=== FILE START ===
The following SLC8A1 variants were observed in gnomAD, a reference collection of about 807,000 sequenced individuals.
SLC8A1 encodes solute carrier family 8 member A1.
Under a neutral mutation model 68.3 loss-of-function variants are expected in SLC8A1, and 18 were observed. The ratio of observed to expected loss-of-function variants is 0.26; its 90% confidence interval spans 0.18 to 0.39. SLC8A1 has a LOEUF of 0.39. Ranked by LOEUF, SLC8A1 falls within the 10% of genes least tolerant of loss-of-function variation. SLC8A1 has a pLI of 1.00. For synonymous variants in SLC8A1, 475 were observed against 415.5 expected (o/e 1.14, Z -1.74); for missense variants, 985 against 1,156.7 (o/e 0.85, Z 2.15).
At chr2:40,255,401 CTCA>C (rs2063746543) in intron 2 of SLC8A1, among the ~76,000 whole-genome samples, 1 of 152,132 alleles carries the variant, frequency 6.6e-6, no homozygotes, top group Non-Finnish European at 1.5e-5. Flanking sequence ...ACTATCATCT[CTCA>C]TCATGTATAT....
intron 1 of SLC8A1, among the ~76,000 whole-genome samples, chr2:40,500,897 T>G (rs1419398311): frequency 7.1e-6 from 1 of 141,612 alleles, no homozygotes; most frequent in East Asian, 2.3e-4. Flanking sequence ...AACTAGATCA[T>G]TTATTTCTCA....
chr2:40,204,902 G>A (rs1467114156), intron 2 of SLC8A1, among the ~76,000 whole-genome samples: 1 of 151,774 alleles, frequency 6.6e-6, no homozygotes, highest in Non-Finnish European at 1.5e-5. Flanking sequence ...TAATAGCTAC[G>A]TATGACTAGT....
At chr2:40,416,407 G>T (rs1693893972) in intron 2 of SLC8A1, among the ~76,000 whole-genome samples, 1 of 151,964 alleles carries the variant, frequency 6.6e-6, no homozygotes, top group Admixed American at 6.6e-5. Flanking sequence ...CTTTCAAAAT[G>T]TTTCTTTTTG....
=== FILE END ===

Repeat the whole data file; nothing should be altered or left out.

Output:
The following SLC8A1 variants were observed in gnomAD, a reference collection of about 807,000 sequenced individuals.
SLC8A1 encodes solute carrier family 8 member A1.
Under a neutral mutation model 68.3 loss-of-function variants are expected in SLC8A1, and 18 were observed. The ratio of observed to expected loss-of-function variants is 0.26; its 90% confidence interval spans 0.18 to 0.39. SLC8A1 has a LOEUF of 0.39. Ranked by LOEUF, SLC8A1 falls within the 10% of genes least tolerant of loss-of-function variation. SLC8A1 has a pLI of 1.00. For synonymous variants in SLC8A1, 475 were observed against 415.5 expected (o/e 1.14, Z -1.74); for missense variants, 985 against 1,156.7 (o/e 0.85, Z 2.15).
At chr2:40,255,401 CTCA>C (rs2063746543) in intron 2 of SLC8A1, among the ~76,000 whole-genome samples, 1 of 152,132 alleles carries the variant, frequency 6.6e-6, no homozygotes, top group Non-Finnish European at 1.5e-5. Flanking sequence ...ACTATCATCT[CTCA>C]TCATGTATAT....
intron 1 of SLC8A1, among the ~76,000 whole-genome samples, chr2:40,500,897 T>G (rs1419398311): frequency 7.1e-6 from 1 of 141,612 alleles, no homozygotes; most frequent in East Asian, 2.3e-4. Flanking sequence ...AACTAGATCA[T>G]TTATTTCTCA....
chr2:40,204,902 G>A (rs1467114156), intron 2 of SLC8A1, among the ~76,000 whole-genome samples: 1 of 151,774 alleles, frequency 6.6e-6, no homozygotes, highest in Non-Finnish European at 1.5e-5. Flanking sequence ...TAATAGCTAC[G>A]TATGACTAGT....
At chr2:40,416,407 G>T (rs1693893972) in intron 2 of SLC8A1, among the ~76,000 whole-genome samples, 1 of 151,964 alleles carries the variant, frequency 6.6e-6, no homozygotes, top group Admixed American at 6.6e-5. Flanking sequence ...CTTTCAAAAT[G>T]TTTCTTTTTG....